Record number of disabled people helped back into work

The Government has helped more than 29,000 disabled benefit claimants get back into work by starting their own business, a new report has revealed.

The finding forms part of a new study published by the Department for Work and Pensions (DWP) into the success of the New Enterprise Allowance.

Under the scheme, the Government will offer a “cash injection” of up to £25,000, as well as a personal business mentor and a weekly living allowance, to enable disadvantaged people to launch their own enterprise.

The report comes on the third anniversary of the Disability Confidence scheme – a programme which helps disabled people return to work.

Announcing improvements to the scheme today, the DWP said employers will now be required to “practice what they preach” and ensure that disabled people have equal access to employment opportunities.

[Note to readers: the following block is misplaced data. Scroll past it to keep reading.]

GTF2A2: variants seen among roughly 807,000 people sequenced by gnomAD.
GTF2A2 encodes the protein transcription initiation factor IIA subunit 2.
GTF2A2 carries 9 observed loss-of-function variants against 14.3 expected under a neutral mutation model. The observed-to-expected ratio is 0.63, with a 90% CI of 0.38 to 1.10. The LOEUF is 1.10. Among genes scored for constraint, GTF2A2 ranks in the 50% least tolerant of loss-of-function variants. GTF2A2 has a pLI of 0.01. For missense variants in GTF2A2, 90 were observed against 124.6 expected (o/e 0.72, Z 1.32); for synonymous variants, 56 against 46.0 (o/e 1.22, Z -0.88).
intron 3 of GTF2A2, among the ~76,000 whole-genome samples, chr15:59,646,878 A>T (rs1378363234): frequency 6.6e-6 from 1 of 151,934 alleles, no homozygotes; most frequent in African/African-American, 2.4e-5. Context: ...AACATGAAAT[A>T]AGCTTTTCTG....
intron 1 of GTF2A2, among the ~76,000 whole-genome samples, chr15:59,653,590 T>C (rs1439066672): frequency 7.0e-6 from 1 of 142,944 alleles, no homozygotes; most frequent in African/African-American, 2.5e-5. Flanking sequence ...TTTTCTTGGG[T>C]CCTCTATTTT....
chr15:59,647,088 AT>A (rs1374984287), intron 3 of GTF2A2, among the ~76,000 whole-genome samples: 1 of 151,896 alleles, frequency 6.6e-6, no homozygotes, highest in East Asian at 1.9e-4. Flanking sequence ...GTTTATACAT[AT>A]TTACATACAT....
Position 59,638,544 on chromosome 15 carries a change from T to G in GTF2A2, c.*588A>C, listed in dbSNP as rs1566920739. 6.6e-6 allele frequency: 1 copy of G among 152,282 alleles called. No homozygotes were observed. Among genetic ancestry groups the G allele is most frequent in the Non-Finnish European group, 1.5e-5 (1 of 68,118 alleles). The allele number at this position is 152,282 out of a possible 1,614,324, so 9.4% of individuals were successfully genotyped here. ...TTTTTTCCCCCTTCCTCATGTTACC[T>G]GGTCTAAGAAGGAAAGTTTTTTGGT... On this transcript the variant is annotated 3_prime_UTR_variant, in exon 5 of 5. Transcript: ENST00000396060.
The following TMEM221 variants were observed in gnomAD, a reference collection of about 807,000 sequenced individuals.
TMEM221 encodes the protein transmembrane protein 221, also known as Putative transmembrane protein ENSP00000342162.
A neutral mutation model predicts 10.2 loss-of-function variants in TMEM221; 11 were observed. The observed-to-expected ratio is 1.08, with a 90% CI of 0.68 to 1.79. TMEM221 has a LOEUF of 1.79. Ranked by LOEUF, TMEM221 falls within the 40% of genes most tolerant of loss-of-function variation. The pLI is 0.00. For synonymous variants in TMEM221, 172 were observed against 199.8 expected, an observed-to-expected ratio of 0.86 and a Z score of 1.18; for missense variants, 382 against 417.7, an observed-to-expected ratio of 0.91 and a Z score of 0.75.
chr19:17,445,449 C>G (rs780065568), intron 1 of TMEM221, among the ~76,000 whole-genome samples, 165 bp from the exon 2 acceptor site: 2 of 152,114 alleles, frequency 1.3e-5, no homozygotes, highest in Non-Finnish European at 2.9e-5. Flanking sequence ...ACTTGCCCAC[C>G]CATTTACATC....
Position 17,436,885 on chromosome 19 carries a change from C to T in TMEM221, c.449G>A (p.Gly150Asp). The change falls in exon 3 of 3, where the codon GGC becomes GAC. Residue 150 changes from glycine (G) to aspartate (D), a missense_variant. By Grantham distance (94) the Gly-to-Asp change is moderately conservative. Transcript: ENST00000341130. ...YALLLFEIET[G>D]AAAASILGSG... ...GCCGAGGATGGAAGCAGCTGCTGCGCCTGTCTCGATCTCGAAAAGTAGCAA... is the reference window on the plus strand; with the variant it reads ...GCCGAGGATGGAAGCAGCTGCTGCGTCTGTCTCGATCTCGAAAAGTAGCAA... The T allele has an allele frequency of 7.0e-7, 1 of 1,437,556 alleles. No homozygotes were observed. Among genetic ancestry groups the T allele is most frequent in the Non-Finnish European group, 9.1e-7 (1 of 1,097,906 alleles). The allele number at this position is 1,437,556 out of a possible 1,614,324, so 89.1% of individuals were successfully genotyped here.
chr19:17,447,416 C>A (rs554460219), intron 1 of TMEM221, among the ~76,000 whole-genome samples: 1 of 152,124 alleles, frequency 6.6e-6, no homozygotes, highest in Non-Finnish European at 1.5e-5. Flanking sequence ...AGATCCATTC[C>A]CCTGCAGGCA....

Commenting on the report, Work and Pensions Secretary Thérèse Coffey said: “I want to ensure we live in a fair society in which disabled people are empowered to get on in their chosen career. These figures show the huge progress being made under this government to help them realise their aspirations.

“While we have made great gains so far, today I am calling on all businesses to take a look at their record on disability employment and think about what they can do to help create a more equal Britain.”

Minister for Disabled People Justin Tomlinson added: “Disability Confident and the success of the New Enterprise Allowance scheme reflect our bold commitment to get one million more disabled people into work by 2027.

“Smart employers recognise that disabled people can bring a wealth of skills and talents to an organisation – and they’re making sure they’re not missing out.”

According to the latest statistics, almost 15,000 businesses have joined the Disability Confident scheme to date.

Click here to learn more about the New Enterprise Allowance.

Share this article:Email this to someoneShare on FacebookShare on Google+Tweet about this on TwitterShare on LinkedIn